Emergency UN Debate on Gaza Fails to Reach Resolution

NEW YORK - An emergency United Nations Security Council debate on the IDF incursion into the Gaza Strip, sparked by the abduction Gilad Shalit, ended late Friday without a resolution.

The debate, which had been requested by Arab nations to demand the Council order a halt to the operation, saw Palestinian and Israeli diplomats trade accusations, and the U.S. accuse Syria and Iran of promoting terrorism.

The Palestinians accused Israel of launching a premeditated military assault to sabotage Palestinian unity and collectively punish and terrorize hundreds of thousands of civilians. Israel countered that Gaza has become "a terror base," actively supported by the Hamas-led government.

Palestinian UN Observer Riyad Mansour said Israel's air and ground assault on Gaza using warplanes, tank artillery bombardment and shelling from naval units was "collectively punishing and terrorizing the Palestinian civilian population ... [which] is now under complete siege."

Israel's deputy UN ambassador Daniel Carmon disagreed, saying Israel responded to the capture of Shalit "after long weeks of Israeli restraint in the face of numerous attempted kidnappings and unceasing Qassam rocket attacks from the Gaza Strip that have targeted civilians, schools and homes" and traumatized children.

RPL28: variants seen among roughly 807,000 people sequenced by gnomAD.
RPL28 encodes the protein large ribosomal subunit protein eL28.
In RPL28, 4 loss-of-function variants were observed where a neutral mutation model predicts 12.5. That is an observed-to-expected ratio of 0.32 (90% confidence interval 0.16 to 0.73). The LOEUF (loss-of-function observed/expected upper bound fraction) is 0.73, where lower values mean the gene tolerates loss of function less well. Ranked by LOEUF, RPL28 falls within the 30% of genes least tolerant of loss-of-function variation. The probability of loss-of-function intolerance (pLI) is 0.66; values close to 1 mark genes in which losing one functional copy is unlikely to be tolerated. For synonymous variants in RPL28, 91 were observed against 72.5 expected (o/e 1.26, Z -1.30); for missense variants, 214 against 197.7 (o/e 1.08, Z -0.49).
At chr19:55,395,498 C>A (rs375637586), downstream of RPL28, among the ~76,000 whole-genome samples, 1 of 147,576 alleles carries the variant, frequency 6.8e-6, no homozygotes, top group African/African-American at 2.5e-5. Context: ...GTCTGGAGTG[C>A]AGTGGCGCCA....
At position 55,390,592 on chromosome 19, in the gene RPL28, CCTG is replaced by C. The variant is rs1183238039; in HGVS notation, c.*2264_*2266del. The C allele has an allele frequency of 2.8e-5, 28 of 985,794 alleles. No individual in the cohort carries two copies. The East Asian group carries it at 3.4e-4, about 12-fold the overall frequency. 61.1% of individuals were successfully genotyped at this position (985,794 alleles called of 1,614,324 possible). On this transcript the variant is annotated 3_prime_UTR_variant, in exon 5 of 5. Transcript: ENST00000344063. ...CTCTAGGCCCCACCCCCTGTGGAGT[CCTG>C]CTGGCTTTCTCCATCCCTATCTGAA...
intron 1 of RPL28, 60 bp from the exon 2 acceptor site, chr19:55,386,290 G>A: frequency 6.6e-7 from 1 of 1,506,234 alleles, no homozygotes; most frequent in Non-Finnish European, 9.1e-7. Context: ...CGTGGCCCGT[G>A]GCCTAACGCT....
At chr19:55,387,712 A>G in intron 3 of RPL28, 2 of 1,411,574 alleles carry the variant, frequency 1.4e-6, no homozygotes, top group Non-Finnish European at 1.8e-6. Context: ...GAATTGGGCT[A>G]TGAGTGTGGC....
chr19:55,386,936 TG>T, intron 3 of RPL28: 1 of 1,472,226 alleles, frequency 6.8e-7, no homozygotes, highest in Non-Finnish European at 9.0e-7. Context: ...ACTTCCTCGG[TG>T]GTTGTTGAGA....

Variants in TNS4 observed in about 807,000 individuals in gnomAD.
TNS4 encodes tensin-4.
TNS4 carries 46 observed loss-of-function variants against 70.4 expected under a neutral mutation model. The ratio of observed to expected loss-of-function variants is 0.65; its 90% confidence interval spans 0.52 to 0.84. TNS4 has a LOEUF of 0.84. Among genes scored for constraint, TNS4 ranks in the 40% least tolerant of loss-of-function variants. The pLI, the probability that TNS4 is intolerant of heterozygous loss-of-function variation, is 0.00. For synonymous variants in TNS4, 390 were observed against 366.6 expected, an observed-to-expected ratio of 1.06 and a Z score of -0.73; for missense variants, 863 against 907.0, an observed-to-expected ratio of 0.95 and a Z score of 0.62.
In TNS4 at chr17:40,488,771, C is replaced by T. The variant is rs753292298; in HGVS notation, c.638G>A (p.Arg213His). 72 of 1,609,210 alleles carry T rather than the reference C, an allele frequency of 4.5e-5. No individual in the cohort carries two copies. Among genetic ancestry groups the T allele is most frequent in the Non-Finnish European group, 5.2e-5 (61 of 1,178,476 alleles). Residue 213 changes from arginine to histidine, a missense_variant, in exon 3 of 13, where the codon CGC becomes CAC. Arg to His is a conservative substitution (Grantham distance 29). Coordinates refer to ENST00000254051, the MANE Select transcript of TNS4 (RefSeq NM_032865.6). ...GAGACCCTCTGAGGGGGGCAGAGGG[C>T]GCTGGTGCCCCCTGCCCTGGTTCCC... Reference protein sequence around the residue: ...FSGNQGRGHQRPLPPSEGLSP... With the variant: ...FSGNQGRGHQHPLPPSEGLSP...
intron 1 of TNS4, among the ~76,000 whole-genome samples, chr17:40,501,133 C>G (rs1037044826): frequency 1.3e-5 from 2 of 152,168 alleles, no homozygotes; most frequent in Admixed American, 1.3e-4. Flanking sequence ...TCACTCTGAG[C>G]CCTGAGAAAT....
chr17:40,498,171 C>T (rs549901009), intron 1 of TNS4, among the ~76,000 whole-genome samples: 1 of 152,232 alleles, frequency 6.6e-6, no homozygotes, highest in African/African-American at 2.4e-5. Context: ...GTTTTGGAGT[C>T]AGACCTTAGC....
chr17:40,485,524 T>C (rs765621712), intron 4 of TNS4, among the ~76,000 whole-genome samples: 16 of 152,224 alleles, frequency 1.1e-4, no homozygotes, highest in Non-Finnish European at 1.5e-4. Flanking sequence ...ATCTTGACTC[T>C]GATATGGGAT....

He said the IDF's presence is limited "to a very small area in southern Gaza," with the sole aim of preventing Shalit from being smuggled outside the Gaza Strip. "Its objective is not punishment or retaliation," Carmon stressed.

But Mansour accused Israel of planning "a major invasion" of Gaza and mobilizing troops before Shalit was captured on June 25 "to sabotage the recent agreement between Abbas' Fatah Party and the Hamas-led government.

Israel's goal, he said, is "to ultimately cause the complete collapse" of the Palestinian Authority so Israel can say it has no "partner for peace" and go ahead with unilateral measures.

Carmon countered that Israel completely withdrew from the Gaza Strip last August with the hope of "re-energizing the peace process."

"Instead, the response was ... an increase in terror attacks," he said. "Gaza is now a terror base, actively supported by the elected Hamas government. Israel is under attack day in and day out."

Mansour called on the council to condemn the Israeli aggression, to order an immediate cessation of hostilities, and demand the release of 64 Hamas officials, arrested by Israel.

But no resolution was circulated to council members Friday, apparently because of U.S. opposition to any council action.